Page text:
https://www.researchgate.net/publication/281831524_On_Exaggerating_Creation%27s_Role_in_Biblical_Law_and_Ethics

    David Van Drunen–“The Sermon is not an individual code of conduct but the way of life of a kingdom, of a community. The Mosaic law was not an individual code of conduct but could be practiced only in the context of the community of theocratic Israel, and thus too the commands of Jesus can be carried out only in the context of participation in this new and unique heavenly kingdom.”

    David Van Drunen—Crucial for understanding 5:38–42 is Jesus’ programmatic statement in 5:17 that introduces his subsequent commands: “Do not think that I have come to abolish the Law or the Prophets; I have not come to abolish them but to fulfill them.” A common reading of this verse in my own Reformed tradition is that Jesus is about to clarify the Mosaic law in response to Pharisaical corruption of Moses. While this reading has the virtue of guarding against denigration of the Mosaic law, it is not an adequate interpretation of Jesus’ words.

    DVD–A general difficulty with this reading is that it fails to reckon with the radical, eschatological newness of the coming of Jesus and his kingdom so emphasized in the preceding texts in Matthew considered above. Matthew 5:17 itself reinforces this sense of eschatological newness. The first use of the key Synoptic phrase, “I have come,” for example, hints at Jesus’ heavenly origin (and hence his authority to say what he is saying) and indicates that Jesus is about to reveal a central purpose of his ministry.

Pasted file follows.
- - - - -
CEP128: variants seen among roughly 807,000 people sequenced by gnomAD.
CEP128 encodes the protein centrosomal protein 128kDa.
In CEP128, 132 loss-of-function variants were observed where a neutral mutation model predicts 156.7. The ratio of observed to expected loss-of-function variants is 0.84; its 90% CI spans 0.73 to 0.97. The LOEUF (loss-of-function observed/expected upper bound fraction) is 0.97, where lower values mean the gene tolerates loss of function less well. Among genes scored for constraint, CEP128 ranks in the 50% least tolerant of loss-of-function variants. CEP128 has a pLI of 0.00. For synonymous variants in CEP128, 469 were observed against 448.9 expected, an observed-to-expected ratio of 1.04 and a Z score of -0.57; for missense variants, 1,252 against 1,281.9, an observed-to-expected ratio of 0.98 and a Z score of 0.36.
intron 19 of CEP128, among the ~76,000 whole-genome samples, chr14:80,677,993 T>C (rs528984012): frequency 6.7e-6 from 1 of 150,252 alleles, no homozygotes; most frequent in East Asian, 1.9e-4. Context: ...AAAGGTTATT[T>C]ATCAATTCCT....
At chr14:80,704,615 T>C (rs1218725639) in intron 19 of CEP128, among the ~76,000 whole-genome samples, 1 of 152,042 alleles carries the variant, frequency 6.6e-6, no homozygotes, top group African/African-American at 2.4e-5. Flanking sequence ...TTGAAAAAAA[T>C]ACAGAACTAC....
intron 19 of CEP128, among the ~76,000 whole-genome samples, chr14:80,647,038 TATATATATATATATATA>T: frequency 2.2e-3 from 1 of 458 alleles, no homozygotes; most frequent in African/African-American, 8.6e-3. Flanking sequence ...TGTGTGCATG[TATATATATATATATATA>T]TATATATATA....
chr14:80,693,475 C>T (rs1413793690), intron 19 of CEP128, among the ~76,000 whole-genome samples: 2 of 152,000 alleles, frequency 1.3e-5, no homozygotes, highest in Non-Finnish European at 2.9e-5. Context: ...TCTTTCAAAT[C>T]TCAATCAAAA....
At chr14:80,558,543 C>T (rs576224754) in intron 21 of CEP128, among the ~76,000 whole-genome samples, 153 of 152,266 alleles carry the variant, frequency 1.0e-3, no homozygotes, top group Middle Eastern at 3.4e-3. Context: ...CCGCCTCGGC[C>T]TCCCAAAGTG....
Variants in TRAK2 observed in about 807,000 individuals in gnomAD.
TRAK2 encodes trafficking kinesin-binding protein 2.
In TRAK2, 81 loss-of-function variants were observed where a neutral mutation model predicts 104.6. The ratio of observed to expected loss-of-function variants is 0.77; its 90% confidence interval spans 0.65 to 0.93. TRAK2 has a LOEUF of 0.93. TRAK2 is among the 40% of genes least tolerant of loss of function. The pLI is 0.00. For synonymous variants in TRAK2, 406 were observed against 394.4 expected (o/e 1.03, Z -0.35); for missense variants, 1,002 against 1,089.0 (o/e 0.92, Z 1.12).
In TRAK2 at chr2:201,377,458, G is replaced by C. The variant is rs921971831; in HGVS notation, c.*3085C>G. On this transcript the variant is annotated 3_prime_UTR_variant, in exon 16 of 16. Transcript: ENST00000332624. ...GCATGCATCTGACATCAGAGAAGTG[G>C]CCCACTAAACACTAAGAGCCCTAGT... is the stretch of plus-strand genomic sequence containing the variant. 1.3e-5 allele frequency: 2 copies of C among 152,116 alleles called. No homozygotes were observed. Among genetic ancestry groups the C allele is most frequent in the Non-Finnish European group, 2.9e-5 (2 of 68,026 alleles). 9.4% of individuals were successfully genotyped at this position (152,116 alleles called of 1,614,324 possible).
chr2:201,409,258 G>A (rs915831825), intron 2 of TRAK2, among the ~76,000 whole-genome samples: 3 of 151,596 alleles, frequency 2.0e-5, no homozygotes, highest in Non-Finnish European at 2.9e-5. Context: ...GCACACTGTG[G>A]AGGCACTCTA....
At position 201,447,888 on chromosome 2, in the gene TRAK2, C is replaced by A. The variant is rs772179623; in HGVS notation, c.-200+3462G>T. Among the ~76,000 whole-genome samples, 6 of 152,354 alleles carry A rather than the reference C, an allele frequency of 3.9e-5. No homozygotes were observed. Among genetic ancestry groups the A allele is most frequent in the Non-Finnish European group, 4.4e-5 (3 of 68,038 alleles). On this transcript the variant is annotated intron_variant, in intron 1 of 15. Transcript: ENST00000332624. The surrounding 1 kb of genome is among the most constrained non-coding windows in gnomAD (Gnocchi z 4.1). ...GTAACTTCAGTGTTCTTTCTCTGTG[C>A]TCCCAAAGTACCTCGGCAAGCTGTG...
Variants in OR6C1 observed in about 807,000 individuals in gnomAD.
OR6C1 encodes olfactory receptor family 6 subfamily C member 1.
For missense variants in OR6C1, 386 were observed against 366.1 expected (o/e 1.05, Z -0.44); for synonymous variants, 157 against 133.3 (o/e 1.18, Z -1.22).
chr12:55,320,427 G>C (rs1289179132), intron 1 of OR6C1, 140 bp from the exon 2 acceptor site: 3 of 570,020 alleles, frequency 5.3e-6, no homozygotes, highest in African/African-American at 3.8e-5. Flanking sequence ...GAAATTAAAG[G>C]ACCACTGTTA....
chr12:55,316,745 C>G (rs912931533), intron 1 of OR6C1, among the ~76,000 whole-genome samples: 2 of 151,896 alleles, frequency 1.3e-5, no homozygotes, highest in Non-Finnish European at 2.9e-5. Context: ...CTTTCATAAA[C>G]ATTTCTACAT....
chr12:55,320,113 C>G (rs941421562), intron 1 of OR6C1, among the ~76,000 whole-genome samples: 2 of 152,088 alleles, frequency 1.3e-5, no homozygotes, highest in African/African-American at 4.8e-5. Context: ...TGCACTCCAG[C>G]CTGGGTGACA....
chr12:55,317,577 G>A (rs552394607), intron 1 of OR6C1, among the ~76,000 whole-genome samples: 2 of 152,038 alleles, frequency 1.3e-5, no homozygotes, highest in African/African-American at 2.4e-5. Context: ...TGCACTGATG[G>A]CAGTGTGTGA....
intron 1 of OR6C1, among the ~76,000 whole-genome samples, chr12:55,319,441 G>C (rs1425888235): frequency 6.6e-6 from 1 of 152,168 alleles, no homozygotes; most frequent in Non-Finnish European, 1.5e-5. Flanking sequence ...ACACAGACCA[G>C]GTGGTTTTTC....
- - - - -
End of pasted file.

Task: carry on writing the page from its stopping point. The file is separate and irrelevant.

DVD– In addition, Jesus’ denial that he has come to abolish the law or the prophets indirectly offers further evidence of the spectacular newness of the kingdom of heaven: apparently what has transpired thus far in Matthew’s story has given some people the impression that Jesus has come to abolish something in the OT. The way in which Jesus’ commands unfold in 5:21–48 is ultimately incompatible with reading them as clarification of the Mosaic law over against corrupt Jewish interpretation. For one thing, all six of Jesus’ “You have heard” statements either quote or paraphrase the actual teaching of the Mosaic law, not contemporary Jewish interpretation of it.